I love that some of your posts at your website are like mini-stories. I would encourage our readers to visit. I’ve had some similar experiences with the UPS guy! How much time do you spend per week/month updating and writing for your web presence? What is your goal or mission statement for the website?
Thank you! My blog began in 2013 as my very first attempt to put my writing into the world, and I cherish the responses to various pieces I’ve posted over the years. Yes – my poor, poor UPS guy. He’s never really sure what he will happen upon when he shows up!
On average, I would say I spend about 5-10 hours a week updating my website and sharing personal stories or links to other blogs. This includes the time spent writing pieces for other blogs that I link to on my site to help expand my own audience. Recently, I have probably spent less time on my own website, simply because I am hard at work on my second novel. But my goal remains the same. To have a place where I can connect with readers – both actual and potential!
I did. The time travel piece was at the heart of my initial idea for Lemongrass Hope, but I still struggled because I really did not want to write a science fiction novel. I wanted to write a story that would incorporate the time travel element uniquely – and so seamlessly that readers might wonder: “Wait, did that really happen? Could that really happen?”
When did you get to the point that you called yourself a writer out loud?
Ah. That’s a big question. I think I whispered it for a while, at first.
I revealed to my Book Club while I was halfway into my manuscript that I was writing a book – and that was after several years of working on my first novel! That was a big moment. I set up a Facebook “Writer” page after I finished my first draft of Lemongrass Hope – while I was in the throes of editing – which was probably a pretty ambitious move! And then, after I signed the publishing contracts for two books (Lawyer Interrupted and Lemongrass Hope) within a few short months of each other in late 2013 and 2014, I certainly felt a bit more comfortable penning “Writer” in the “Mother’s Occupation” blocks on the kids’ school forms. But honestly, the big moment for me came in October 2014 – not necessarily because Lemongrass Hope came out that month, but rather because I stepped down from Vice-President position at a start-up company that I loved and gave myself the permission to finally write full-time (or as full-time as motherhood will allow!) At that moment, I owned my “Writer” status completely – not just as an occupation, but as a vocation.
Name some of your favorite books about the business of writing.
Oh – so many – but the first three “On Writing” books that are coming to mind are Stephen King’s On Writing: 10th Anniversary Edition: A Memoir of the Craft, Donald Maass’s Writing the Breakout Novel Workbook, and of course, the great Anne Lamott’s Bird by Bird: Some Instructions on Writing and Life.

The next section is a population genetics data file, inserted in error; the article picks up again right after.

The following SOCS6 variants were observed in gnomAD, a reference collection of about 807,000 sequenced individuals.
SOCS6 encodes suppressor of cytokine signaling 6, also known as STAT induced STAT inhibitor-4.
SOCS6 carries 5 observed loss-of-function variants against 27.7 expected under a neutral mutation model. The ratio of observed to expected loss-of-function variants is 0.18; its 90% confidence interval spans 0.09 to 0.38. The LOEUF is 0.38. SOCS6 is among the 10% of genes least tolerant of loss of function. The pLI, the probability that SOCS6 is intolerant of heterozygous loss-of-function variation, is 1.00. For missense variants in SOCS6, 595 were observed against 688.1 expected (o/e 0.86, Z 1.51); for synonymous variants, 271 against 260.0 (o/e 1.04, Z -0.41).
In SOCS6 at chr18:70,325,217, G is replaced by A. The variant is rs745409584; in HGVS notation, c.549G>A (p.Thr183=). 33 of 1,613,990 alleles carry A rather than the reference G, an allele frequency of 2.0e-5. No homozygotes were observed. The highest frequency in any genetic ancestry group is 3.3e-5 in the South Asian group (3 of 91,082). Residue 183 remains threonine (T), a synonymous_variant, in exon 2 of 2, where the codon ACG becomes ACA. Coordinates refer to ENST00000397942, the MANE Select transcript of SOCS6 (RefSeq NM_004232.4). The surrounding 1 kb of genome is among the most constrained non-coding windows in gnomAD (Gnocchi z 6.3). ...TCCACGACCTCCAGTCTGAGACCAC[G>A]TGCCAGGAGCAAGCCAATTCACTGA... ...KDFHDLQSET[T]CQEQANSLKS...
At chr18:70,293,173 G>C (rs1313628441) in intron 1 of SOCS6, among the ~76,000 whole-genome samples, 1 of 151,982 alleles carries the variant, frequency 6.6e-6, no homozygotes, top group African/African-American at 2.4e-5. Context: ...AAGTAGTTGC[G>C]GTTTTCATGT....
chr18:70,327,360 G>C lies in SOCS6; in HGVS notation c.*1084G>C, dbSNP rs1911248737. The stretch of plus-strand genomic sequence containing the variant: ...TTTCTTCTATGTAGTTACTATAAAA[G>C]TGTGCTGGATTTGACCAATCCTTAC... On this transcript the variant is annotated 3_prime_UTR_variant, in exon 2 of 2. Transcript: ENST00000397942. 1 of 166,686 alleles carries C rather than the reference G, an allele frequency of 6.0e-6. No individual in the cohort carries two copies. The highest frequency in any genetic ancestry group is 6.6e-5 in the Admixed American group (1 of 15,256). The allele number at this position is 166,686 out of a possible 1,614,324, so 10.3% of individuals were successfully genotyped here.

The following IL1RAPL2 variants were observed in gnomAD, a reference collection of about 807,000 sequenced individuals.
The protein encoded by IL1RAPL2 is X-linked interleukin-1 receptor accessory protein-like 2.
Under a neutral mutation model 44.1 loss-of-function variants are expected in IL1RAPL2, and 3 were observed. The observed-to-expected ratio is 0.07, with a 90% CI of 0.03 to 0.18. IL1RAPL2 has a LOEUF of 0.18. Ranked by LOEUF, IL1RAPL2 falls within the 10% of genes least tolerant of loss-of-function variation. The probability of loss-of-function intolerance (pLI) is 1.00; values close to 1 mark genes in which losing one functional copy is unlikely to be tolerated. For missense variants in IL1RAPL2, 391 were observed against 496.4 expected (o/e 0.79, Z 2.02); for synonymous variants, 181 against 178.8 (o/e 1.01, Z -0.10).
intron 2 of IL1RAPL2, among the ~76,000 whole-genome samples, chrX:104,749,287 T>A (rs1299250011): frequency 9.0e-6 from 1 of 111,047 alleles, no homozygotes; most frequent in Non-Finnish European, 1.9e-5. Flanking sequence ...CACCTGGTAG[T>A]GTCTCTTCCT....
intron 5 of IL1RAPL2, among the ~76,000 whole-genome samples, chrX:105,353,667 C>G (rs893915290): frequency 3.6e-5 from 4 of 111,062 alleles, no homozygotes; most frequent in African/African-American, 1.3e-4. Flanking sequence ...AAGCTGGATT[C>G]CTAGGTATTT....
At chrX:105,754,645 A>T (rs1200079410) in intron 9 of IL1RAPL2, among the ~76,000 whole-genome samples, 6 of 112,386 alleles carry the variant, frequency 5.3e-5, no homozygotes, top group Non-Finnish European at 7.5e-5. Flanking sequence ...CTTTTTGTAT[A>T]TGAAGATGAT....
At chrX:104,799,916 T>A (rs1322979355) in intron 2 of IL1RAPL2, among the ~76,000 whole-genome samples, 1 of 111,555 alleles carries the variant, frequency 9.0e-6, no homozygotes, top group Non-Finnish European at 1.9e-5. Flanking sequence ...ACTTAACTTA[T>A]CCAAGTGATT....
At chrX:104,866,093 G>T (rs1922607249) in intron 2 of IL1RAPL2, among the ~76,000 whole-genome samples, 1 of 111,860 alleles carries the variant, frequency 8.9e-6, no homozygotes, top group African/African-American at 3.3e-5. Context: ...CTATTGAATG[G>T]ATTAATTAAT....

Name some of your favorite websites and blogs about writing.
That list changes and evolves constantly – but if you check my recent history, you’ll find great wisdom from Christina Katz, the irreverent Erika Napoletano, Live Write, Thrive, The Write Life, Women Writers, Women’s Books, Women’s Fiction Writers, and Writer Unboxed, just to name a few.
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I see that Lemongrass Hope is a 2014 INDIEFAB Book of the Year finalist in the romance category and your book cover is up for Cover of the Year 2014 on the fiction blog, The Qwillery. How did you find out about these contests/awards? Did you submit to them or did readers have to nominate your work? What is your experience so far participating in contests?
So, my experience on the Qwillery site was great fun. They actually found my book and reached out to me to ask whether they could include it on their site – which largely features paranormal and science fiction books, so I wasn’t sure how my unique book would be received. But I agreed anyway. Qwillery then asked readers to include it in their monthly Reading Challenge lists and to vote on it for Cover of the Month during its release month – and it won!
Then Qwillery included Lemongrass Hope among its nominees for Cover of the Year 2014, and in an online duel to the finish, my book lost by just 6 votes in a reader poll, ending up the #2 Qwillery Cover of the Month for 2014. Like I said, great fun!
The 2014 INDIEFAB awards are a bit more serious. They are sponsored by Foreword Reviews Magazine, which is like the Rolling Stones Mag for indie authors and readers. Foreword Reviews had given Lemongrass Hope a 5-star beautiful review when it was released and chose it as one of the top 5 Romance books in the Fall of 2014, so my publisher thought it would make great sense to submit Lemongrass Hope for their spring awards, and she did – with great success! The book has been named one of the 14 finalists in the Romance category – hooray! Lemongrass Hope was also chosen as a Finalist by the National Indie Excellence Awards, another huge honor. My publisher, Nancy Cleary at Wyatt-MacKenzie, has been wonderful about carefully vetting awards before submitting Lemongrass Hope. Contests can be a wonderful avenue for emerging authors to have their work recognized more widely – but you have to be careful about all the new awards programs popping up every day. Some of them, frankly, are simply revenue generators for entrepreneurs looking to profit on new authors. A reputable publisher will help authors navigate the contest jungle!
What avenues have you utilized to get book reviews?